Jesus Christ Superstar

As a long-time fan of Broadway musicals – my mom started taking me to NYC when I was just 14 – I was thrilled to see the Easter evening production of Jesus Christ Superstar on NBC. To be fair, this is really more an opera than a musical, since there is no dialogue. For me, musicals were the gateway drug that led to my love of opera as a late teenager.

I have never liked hard rock, but that’s not a problem for me in this score. Andrew Lloyd Webber is a great lyricist, making sure that the thematic material doesn’t get lost in a sea of sound. That’s especially important in a musical style with off the charts decibels! As for the telling of the story, some may not care for Webber’s spin on the characters, which is decidedly more subjective than told in the Bible passages from which they derive. That subjective basis, however, forms how each character is defined by the choices of melody, harmony, and word painting. Richard Wagner would have to tip his hat. However, without equally good musicians to bring these qualities out all would be lost. That includes the amazing rock orchestra, playing in the multi-level cubes and strolling on stage.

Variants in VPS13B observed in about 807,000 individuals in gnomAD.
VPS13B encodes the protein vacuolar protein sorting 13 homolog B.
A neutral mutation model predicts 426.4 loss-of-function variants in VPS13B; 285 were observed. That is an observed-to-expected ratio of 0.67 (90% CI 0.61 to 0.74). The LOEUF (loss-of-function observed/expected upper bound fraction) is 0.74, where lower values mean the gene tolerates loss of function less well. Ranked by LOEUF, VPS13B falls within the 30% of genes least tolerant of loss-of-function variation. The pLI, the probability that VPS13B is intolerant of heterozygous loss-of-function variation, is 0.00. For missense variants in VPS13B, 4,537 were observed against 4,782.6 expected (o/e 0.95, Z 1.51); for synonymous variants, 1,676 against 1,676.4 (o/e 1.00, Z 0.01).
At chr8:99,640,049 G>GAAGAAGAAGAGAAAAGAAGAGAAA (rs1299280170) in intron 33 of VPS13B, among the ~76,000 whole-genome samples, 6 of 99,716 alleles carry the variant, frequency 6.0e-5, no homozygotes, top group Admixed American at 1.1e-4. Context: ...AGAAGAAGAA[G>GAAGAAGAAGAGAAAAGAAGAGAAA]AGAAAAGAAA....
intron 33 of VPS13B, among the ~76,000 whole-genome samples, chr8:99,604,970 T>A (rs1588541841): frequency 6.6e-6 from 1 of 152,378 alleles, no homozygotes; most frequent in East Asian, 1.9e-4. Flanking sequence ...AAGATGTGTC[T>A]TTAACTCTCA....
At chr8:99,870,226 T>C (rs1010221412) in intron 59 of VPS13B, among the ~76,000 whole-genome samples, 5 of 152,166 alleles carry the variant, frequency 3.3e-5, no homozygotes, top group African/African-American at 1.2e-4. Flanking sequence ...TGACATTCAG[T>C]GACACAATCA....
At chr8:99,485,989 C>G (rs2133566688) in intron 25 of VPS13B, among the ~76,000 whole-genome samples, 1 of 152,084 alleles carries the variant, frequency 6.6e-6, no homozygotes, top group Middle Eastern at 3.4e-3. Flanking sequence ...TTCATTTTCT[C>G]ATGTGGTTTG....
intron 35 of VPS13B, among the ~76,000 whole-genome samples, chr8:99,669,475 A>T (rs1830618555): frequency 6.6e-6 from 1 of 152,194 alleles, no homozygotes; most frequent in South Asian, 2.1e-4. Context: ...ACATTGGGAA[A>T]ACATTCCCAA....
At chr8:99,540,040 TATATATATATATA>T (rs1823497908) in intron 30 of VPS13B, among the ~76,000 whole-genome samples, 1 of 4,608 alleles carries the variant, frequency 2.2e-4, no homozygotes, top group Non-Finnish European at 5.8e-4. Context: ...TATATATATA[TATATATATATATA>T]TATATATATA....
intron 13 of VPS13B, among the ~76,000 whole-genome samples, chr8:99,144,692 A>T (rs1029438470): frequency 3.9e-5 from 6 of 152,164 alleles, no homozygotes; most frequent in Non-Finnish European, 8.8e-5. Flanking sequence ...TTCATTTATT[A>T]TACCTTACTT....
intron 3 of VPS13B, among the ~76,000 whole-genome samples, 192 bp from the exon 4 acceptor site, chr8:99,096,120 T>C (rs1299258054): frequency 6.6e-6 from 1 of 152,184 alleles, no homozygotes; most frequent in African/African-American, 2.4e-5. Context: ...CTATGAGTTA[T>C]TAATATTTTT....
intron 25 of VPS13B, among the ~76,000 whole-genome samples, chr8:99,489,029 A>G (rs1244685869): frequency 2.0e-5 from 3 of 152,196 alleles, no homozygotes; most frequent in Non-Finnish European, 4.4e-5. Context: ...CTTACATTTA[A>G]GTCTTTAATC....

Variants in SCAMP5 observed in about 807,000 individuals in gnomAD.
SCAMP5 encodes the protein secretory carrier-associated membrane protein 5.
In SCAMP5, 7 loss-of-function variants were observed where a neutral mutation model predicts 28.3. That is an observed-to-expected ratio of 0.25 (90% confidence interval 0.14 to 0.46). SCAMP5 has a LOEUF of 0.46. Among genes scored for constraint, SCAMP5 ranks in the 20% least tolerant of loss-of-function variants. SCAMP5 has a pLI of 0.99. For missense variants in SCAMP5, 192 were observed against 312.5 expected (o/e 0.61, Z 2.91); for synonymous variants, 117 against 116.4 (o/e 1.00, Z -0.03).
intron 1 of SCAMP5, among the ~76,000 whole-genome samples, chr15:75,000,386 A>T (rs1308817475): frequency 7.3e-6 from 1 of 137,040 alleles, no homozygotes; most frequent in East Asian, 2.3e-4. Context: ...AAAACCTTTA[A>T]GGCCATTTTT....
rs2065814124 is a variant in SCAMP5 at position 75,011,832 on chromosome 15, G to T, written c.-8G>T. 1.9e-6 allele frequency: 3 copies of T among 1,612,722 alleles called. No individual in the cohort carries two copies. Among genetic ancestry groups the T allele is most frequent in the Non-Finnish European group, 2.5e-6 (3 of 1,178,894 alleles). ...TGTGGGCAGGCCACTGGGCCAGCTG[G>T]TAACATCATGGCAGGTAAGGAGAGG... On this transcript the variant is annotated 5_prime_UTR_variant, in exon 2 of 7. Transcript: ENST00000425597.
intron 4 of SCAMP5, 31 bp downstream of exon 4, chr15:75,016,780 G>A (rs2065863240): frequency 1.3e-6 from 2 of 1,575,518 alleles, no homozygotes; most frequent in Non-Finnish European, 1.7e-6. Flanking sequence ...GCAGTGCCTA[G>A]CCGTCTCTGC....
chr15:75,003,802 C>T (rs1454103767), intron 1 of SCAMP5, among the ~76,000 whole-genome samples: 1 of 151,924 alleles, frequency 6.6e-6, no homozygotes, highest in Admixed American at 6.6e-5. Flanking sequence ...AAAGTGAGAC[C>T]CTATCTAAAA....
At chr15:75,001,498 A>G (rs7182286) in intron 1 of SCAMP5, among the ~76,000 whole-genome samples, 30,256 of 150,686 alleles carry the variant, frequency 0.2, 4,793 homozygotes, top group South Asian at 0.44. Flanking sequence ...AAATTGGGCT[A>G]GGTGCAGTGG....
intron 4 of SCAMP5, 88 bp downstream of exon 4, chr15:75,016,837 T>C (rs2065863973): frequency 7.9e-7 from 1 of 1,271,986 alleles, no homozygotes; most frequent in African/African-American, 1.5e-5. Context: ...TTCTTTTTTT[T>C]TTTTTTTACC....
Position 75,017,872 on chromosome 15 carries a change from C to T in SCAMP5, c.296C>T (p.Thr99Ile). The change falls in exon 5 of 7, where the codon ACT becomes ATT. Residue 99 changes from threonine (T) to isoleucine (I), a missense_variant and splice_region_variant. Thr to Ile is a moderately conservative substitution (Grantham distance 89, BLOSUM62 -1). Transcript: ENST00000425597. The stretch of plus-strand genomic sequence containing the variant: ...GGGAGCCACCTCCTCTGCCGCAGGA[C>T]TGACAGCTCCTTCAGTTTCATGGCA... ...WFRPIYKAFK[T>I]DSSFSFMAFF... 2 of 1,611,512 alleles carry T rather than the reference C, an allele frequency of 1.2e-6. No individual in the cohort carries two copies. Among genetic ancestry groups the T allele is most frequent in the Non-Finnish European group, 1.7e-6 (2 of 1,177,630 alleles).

I didn’t have a problem with the mish-mosh of voice casting that I read lambasted in other reviews. I found it really fun to see a cast of mostly non-Broadway singers acting in these roles. It’s not such a stretch since film versions of musicals often feature film stars over stage actors. I found the minimalist sets to be quite conducive to the on-stage action. That allowed a poignancy on those few dramatic moments, like the dangling ladder symbolizing Judas’s hanging and the opening and closing of the walls in the image of a cross after the crucifixion.

Some fault the musical for not including the resurrection, ending just after the crucifixion. I think Webber made the right decision to end the story where the dramatic tension peaks, instead of insisting on telling what Christians would consider a complete story. People aren’t going to be swayed in their faith by a Broadway show — but they might be challenged by it. I personally struggled with the depiction of Pilate as too harsh and Judas as too lenient. Either way, it made me feel that I could have been either of those two characters and am not sure if I would have made better choices.

In any event, thank goodness there was a choice on TV other than Ben-Hur this Easter. I hope that the success of this production means the possibility for more live musical theater, performed just as it was done in front of an audience instead of on a sterile soundstage!

Posted 2018-04-09

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